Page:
Such gems are to be snatched from poems that naturally move quickly. Akbar’s lack of punctuation lends gravity to the caesura, his awareness of the whitespace almost clinical in the way it controls the reader’s breath. Whether he is using couplets, or paragraphs, stanzaic or stichic, he creates movement: “I drink what I drink I lie where I lie I / deserve all things I desire cocktail / chatter cymbals crashing green pills / which long ago stopped working.” The lines start to take on a Ginsbergian quality, but instead of fitting each line in one breath caesuras are inserted to make sure none go blue in the face. Repetition and alliteration ramp up the speed such that the caesura becomes a solid wall, necessary in making the reader pause to internalize the thought before careening forward into new ideas. Fans of the beat generation and the spoken word scene will appreciate Akbar’s rhythm, while all can additionally enjoy his lineation, intentional enjambment at its best in “Portrait of the Alcoholic Floating in Space with Severed Umbilicus” and “Thirstiness is not Equal Division.”
Akbar’s poetry doesn’t fit neatly into a circumscribed category, but he does borrow elements of the confessional movement. Diane Middlebrook writes that confessional poetry is most concerned with “divorce, sexual infidelity, childhood neglect, and the mental disorders that follow from deep emotional wounds received in early life,” and always contains a first-person speaker. Akbar’s speaker’s battle with alcoholism fits the thematic trend of emotional trauma and engages the reader in the pain of a real person, both literal and mythologized: “I’ve been so young for so many years / it’s all started to jumble together joy jeweling copper / it’s plink a throat sometimes I feel beautiful and near dying.” The constancy of a single speaker throughout the book is also typical of confessional poetry. That said, Akbar is not Lowell or Plath, does not try to sell that his speaker is a facsimile of himself, and focuses more on the details of the struggle and overarching narrative than on the I.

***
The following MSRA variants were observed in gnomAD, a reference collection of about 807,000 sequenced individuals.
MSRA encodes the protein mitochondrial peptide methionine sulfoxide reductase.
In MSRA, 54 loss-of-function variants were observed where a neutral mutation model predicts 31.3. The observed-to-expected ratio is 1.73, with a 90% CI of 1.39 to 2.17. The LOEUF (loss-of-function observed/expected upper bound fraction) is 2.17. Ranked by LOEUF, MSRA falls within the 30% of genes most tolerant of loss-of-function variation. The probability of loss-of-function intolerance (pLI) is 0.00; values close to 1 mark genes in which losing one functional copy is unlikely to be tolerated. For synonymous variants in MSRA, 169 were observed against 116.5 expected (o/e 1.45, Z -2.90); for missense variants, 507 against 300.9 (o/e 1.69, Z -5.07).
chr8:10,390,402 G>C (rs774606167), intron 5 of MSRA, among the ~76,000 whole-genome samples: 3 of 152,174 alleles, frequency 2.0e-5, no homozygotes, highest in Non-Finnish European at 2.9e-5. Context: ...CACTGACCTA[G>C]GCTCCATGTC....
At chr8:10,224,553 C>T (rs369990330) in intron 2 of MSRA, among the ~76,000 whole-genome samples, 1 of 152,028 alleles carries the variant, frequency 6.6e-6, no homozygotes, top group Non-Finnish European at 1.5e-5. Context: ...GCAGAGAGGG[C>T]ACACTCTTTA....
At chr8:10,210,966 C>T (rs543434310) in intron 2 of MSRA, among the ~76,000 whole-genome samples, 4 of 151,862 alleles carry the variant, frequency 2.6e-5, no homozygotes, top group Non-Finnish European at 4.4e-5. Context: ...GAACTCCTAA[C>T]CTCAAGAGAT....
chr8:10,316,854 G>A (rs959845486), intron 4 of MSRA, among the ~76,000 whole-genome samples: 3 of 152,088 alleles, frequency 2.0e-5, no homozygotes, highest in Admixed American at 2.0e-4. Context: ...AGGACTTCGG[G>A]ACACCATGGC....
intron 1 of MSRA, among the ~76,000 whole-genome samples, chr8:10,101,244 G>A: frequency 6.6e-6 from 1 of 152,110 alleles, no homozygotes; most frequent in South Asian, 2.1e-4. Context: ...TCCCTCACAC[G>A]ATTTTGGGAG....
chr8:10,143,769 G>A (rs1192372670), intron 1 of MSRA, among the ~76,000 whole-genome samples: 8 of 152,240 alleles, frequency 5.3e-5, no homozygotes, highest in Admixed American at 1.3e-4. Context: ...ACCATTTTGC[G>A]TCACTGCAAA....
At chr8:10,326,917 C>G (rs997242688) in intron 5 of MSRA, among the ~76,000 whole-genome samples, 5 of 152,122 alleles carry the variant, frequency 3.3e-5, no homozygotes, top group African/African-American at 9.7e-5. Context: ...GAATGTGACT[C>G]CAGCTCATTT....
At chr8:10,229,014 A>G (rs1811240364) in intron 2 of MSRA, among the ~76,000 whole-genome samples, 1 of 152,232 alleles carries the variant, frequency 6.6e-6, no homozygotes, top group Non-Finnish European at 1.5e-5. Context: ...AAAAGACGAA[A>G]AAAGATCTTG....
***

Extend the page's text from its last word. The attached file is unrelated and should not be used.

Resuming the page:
If the confessional styles of modern poets Jericho Brown and Rachel Mennies are anathema to you, this book is unlikely to please you, but if you enjoy seeing yourself in the trials and tribulations of another, Akbar is likely to delight. He defamiliarizes: “do you know how hard it is to dig a new river? / To be the single tongue in a stack full of teeth?” He proselytizes: “Whatever it was we were practicing / cannot happen without you” – “God.” While his tone is largely consistent, it is never flat. It was, in fact, difficult not to make this review simply a subsection of his poems with the inscription: look! See!? How could you not want to read more? But admittedly that seemed a little juvenile.
There are so many other dichotomies and queries that Akbar deconstructs: what is the role of God in recovery and where has He been in my life? What is stillness and what does it do to an addict? Is it a choice, inevitably, between body and soul, or is it only me that seems to struggle to hold them together? Perhaps this paraphrasing yields bastardizations, but the point remains: from quoting Kierkegaard to cursing God, the speaker discovers himself as we discover him, and the ride is relentlessly entertaining, thought-provoking, and brutal. Akbar’s poems are alternately clear and opaque, filled with narrative, imagistic, and lyrical language, dwelling on religion and sin. To read the book all at once is to hold a sustained and purposefully painful conversation that is ultimately enlightening at its close.
Joey Lew is a MFA candidate at the University of North Carolina at Greensboro. Her interviews and reviews have been published in Diode, Michigan Quarterly Review Online, and Tupelo Quarterly.